• Kim's idiot friend simply lets some stranger she doesn't know take a picture of them, and then go with them to the place they're staying at.
  • Memetic Mutation:
    • The website True LAD (think stereotypical "lads" story in the style of FML or IMMD) will occasionally see a story about Taken or at least referencing it, presumably due to Neeson's sheer badassery. These stories range from just quoting the "I will find you..." line, saying how even though they have it on DVD, will be watching it on the TV later, or claiming how if they'd saved Holly Valance from being stabbed they'd ask for more than free singing lessons for their daughter... All these "stories" invariably have high numbers of votes up.
    • More generally, the "I will find you and I will kill you" speech is frequently quoted, and the specifics of it are often swapped to apply it to other Liam Neeson roles.
    • The satirical Youtube series CinemaSins gives a sin for every scene Liam Neeson is not killing someone due to this movie. They (and many others) also liken Neeson to a God of badassery.
    • Liam Neeson climbing a fence has practically become a byword for overdone editing.
  • Narm:
    • In the third film, the blood in the hall is literally the only sign that Lenore is dead, as there's no blood at all on the body, the bed, or even the murder weapon. Bryan later says her throat was slashed, which would cause massive bleeding, but we see no evidence of this.
    • Dotzler's winning logic for why Bryan couldn't have killed Lenore: "the bagels were still warm."
    • Good luck trying to take the final fight between Bryan and Malankov seriously as the latter spends most of the fight in tighty-whities.
    • The fence jump. For the 12 cuts it packs into such a simple scene.
  • One-Scene Wonder: The hilariously out-of-his-depth translator that Bryan hires as well as the Affably Evil Punch-Clock Villain he talks to after being captured.
  • Rescued from the Scrappy Heap: Or the Hate Sink in this case, but many people have forgiven Lenny for her Took a Level in Kindness in the sequel.
  • "Seinfeld" Is Unfunny: Much like Leslie Nielsen in Airplane!, Liam Neeson was able to use this film to completely change his career track into a bunch of other badass old man roles, meaning younger viewers may find it hard to appreciate how shocking it was at the time to see such a serious, highbrow actor doing a film like this.
  • Signature Scene: Bryan's Badass Boast to the kidnappers.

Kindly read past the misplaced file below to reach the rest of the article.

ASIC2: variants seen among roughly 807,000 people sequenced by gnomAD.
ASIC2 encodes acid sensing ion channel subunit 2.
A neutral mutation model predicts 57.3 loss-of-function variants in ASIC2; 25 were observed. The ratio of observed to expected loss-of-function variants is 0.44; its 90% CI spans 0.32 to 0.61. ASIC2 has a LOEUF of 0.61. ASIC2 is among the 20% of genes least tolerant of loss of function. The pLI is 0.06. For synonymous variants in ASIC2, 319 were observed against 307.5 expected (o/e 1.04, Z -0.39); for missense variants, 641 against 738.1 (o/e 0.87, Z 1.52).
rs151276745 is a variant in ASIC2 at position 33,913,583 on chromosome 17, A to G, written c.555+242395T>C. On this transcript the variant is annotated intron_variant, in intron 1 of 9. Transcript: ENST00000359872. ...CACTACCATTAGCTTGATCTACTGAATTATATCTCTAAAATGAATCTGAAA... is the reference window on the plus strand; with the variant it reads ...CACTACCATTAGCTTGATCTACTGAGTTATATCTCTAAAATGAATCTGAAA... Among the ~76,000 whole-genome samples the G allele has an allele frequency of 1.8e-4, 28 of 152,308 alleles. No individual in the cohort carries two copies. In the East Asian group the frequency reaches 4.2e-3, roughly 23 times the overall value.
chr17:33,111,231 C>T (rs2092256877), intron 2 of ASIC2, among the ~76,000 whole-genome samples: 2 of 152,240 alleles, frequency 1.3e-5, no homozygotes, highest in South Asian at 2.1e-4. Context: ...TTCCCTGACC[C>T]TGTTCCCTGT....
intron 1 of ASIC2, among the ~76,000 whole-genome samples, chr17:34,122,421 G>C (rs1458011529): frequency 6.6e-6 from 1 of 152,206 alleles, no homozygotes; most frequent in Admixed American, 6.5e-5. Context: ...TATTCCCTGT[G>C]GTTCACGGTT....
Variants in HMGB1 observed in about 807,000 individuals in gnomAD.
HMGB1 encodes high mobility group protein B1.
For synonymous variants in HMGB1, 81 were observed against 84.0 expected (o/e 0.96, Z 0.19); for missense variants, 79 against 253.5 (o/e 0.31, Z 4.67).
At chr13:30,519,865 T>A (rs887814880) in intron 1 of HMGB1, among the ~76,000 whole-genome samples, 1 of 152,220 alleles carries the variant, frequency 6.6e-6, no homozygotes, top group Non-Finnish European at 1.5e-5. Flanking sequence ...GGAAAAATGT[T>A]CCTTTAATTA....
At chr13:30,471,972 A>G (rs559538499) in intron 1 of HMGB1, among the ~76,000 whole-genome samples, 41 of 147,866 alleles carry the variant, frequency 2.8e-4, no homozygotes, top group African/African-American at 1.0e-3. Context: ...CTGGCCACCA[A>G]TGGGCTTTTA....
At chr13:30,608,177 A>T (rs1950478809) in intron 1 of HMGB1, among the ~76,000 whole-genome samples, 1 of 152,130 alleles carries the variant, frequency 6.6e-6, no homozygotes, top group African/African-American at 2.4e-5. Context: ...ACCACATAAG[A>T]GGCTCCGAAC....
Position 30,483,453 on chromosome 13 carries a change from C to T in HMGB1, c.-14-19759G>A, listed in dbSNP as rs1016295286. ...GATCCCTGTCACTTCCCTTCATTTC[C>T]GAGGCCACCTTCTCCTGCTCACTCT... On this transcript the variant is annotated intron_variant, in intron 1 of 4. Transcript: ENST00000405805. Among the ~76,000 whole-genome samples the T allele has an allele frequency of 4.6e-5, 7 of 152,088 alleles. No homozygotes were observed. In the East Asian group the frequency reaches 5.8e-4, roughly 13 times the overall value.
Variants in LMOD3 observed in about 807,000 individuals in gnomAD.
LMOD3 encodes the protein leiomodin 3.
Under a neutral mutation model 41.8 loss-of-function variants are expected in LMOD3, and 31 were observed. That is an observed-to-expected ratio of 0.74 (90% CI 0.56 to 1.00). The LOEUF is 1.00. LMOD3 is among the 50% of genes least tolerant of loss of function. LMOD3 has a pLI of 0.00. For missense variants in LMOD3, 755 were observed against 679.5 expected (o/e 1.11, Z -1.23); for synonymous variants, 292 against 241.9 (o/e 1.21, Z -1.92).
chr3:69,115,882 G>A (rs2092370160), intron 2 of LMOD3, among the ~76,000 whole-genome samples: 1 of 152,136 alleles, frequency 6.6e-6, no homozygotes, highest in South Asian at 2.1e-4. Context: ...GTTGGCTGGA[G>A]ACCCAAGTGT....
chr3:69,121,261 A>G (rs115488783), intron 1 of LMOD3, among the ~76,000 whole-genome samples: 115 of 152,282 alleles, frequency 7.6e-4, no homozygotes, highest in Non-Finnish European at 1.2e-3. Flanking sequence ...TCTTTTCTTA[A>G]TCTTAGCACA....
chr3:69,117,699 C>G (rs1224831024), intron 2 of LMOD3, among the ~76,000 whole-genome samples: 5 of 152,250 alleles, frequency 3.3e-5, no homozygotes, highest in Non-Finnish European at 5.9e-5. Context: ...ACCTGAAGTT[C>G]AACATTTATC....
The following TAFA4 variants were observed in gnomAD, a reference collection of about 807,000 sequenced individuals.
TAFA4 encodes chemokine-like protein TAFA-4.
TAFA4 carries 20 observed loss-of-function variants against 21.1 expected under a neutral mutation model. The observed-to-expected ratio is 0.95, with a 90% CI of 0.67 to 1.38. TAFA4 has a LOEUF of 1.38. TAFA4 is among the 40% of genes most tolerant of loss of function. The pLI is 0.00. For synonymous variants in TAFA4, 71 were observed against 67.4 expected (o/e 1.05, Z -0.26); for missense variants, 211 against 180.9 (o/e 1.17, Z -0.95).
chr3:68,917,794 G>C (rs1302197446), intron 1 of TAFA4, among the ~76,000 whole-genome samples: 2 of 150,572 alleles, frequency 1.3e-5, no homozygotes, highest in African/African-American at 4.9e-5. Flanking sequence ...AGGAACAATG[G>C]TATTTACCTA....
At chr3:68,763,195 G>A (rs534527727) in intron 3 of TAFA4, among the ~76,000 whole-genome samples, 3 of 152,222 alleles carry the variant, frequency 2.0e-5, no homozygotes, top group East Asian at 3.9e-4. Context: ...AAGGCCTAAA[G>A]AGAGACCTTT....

• Spiritual Licensee: Many people feel this was the best 24 movie ever.
  • Sequelitis: The Taken series got bad reviews with each sequel, but the third is considered the weakest.
  • Surprisingly Improved Sequel: Some fans do find the third film to be superior to the second.
  • Unintentionally Unsympathetic: Murad. He's supposed to be a Tragic Villain who's Not So Different from Bryan. However, his Hypocrisy and desire to knowingly continue his dead son's human-trafficking quickly turn him into just another Card-Carrying Villain. Even more so when he ultimately fails Bryan's Secret Test of Character with flying colors, thus earning himself an undignified death for such Stupid Evil.
  • What an Idiot!: You've just kidnapped two girls and broken the cellphone one was using. Would you (A) just leave the scene or (B) assure that the data storage card got broken with the phone? Nah, just pick (A) and give the investigator a lead. To be fair, they likely figured that Bryan's Badass Boast was just a bluff, and that anyone who would be investigating the kidnapping would be on their side anyway since they had members of the police bought and paid-for. They never counted on their being an immensely capable Papa Wolf who could track them down with nothing to go on but two words. The point where they become true idiots is when they catch wind that there's someone from the US who's in Paris carving a swath of death and destruction of anyone who dares stand between him and his daughter. At that point, they should've handed her over to him... not that that would've saved them anyway, but still.